Highland arts centre forced to close due to number of staff self-isolating

One of Scotland's biggest arts centres has been forced to close for more than a week and put its summer festival on hold due to the number of staff needing to self-isolate.

Monday, 26th July 2021, 4:45 pm
Updated Monday, 26th July 2021, 6:04 pm

Eden Court, in Inverness, has been forced to pull the plug on live music events, cinema screenings, plays and workshops, as well as shut down its cafe, bars and bistro, after a “high proportionate” of workers were forced to stay at home.

The move has been ordered even though no members of staff have had Covid symptoms or tested positive following an initial case at the venue.

The venue’s outdoor festival, Under Canvas, which has attracted more than 3,000 people since the beginning of the month, has also been suspended until Eden Court is able to reopen, on Wednesday, August 4.

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Eden Court will be forced to remain closed until Wednesday 4 August due to a high number of staff having to self-isolate.

Chief executive James Mackenzie-Blackman said around a third of staff had been identified as close contacts under the current public health guidance, making it “impossible” for Eden Court to open this week.

Eden Court has been one of Scotland s few cultural venues to get up and running again in recent months following the easing of restrictions due to the impact of ongoing social distancing rules.

The venue, which reopened in May, has had 70 staff working on site in recent weeks, including at Under Canvas, a three-month music festival showcasing Gaelic, folk, trad, jazz and world music acts.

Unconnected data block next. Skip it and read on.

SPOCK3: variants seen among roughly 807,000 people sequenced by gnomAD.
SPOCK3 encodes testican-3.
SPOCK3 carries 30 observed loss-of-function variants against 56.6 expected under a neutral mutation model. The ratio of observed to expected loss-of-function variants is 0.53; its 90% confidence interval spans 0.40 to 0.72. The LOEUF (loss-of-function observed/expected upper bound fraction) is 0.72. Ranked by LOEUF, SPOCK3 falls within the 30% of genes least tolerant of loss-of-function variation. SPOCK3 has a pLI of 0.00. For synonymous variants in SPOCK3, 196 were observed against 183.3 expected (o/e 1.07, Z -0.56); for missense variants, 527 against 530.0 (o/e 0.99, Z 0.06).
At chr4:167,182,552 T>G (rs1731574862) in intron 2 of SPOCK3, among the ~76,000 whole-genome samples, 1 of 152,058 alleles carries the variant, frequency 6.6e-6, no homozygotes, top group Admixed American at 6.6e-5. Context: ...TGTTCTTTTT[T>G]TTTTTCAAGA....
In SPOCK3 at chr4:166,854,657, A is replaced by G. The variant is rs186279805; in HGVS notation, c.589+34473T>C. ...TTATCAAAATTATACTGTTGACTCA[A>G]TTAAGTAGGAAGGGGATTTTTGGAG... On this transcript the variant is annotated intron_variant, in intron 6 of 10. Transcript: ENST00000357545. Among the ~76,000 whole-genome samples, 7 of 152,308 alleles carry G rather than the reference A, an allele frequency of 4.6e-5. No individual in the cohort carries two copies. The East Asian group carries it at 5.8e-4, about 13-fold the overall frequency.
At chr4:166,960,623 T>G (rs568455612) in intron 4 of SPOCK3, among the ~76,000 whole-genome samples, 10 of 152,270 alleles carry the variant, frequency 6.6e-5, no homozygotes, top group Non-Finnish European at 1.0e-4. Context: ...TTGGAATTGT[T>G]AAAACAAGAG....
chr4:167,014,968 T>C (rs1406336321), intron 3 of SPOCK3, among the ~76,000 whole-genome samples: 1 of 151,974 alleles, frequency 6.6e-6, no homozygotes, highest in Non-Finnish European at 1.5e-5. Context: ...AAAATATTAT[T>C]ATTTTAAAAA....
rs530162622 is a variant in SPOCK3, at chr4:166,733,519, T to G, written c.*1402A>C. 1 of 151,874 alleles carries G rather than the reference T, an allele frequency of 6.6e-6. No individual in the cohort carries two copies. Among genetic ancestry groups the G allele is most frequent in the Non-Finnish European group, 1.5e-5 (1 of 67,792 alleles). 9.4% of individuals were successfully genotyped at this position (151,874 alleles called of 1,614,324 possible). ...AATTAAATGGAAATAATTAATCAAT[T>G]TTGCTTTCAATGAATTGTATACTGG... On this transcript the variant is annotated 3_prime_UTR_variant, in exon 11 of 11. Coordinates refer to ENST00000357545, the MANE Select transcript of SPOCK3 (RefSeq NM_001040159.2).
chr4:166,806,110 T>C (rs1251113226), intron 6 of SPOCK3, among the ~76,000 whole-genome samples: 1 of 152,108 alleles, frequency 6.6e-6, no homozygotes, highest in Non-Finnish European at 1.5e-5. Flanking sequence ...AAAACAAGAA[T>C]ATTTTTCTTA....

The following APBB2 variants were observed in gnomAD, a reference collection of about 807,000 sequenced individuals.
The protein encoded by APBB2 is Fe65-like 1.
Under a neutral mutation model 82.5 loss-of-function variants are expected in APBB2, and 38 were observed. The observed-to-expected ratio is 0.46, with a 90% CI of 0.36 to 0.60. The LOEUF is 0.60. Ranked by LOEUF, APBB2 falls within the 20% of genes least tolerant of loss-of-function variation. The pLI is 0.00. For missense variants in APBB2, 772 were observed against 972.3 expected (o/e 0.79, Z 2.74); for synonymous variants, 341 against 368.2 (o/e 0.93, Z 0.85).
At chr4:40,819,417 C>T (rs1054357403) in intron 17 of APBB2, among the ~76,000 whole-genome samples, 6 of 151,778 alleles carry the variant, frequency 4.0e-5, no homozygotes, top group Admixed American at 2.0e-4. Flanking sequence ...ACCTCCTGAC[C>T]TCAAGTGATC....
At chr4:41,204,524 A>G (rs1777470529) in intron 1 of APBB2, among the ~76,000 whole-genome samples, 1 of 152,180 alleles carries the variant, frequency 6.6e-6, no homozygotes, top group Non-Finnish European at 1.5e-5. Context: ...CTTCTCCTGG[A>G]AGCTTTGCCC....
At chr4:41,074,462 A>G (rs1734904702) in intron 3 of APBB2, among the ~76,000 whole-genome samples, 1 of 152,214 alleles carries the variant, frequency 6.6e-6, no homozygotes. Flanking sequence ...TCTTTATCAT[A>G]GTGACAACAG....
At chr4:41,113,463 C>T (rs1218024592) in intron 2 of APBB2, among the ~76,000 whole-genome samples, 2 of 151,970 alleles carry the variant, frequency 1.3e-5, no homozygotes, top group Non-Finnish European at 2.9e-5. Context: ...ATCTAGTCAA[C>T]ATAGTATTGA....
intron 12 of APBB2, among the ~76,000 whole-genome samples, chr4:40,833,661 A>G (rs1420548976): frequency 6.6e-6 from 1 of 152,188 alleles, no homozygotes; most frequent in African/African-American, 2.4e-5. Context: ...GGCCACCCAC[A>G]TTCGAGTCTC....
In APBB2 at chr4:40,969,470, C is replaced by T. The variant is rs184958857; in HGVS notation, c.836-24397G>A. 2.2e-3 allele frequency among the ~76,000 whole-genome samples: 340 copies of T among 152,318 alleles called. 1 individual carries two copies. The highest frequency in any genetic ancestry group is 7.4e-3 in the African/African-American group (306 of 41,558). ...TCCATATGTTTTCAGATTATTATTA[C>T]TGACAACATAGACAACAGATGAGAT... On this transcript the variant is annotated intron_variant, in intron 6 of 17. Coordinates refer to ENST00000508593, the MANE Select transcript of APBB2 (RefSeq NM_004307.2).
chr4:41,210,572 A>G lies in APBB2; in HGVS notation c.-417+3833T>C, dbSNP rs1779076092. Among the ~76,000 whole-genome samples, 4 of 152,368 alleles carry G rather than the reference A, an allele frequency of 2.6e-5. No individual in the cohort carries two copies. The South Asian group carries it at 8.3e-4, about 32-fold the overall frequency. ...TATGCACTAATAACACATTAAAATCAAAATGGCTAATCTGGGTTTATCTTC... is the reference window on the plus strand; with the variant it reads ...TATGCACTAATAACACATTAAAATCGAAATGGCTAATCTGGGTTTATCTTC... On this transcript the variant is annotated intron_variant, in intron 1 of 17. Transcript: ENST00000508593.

It has been one of the biggest outdoor events to go ahead in Scotland since restrictions were relaxed in May.

Eden Court has been staging an outdoor festival in its grounds since the start of July.

An official announcement from the venue said: “It is with regret that we announced that Eden Court’s buildings, and Under Canvas Inverness, will be closed until Wednesday, August 4 due to a high-proportion of our staff needing to self-isolate.

"We are very sorry for the disappointment this will cause. Our priority is the safety and protection of our customers, staff and artists and we thank you for your support. Our ticket sales team are currently working through contacting all affected ticket holders.”

Mr Mackenzie-Blackman said: “I personally took advice from the NHS Highland public health team and that advice has meant we need to require a number of our staff to self-isolate.

"At the current time, beyond an initial case none of our staff who are required to self-isolate are displaying symptoms or have tested positive.

"We had planned for when this might be the case, but it’s no less disappointing to have to put this plan into action.

“Over the course of our closure period, we will lose 27 cinema screenings, ten Under Canvas events, five theatre performances, 19 workshops and projects for young people, and all the associated income from our cafe, bars and bistro.

“Despite this we will fully honour all fees to independent artists, and pay to our staff, over our closure period.

"NHS Highland Public Health team have defined who we should classify as a ‘close contact’ and that’s about a third of staff working. We’re still working to determine how many staff need to self-isolate, but it’s enough to make opening this week impossible.

"Clearly the definition of ‘a close contact who needs to self-isolate’ will need to change in the coming months if we’re going to have the conditions to deliver a meaningful programme through the autumn.”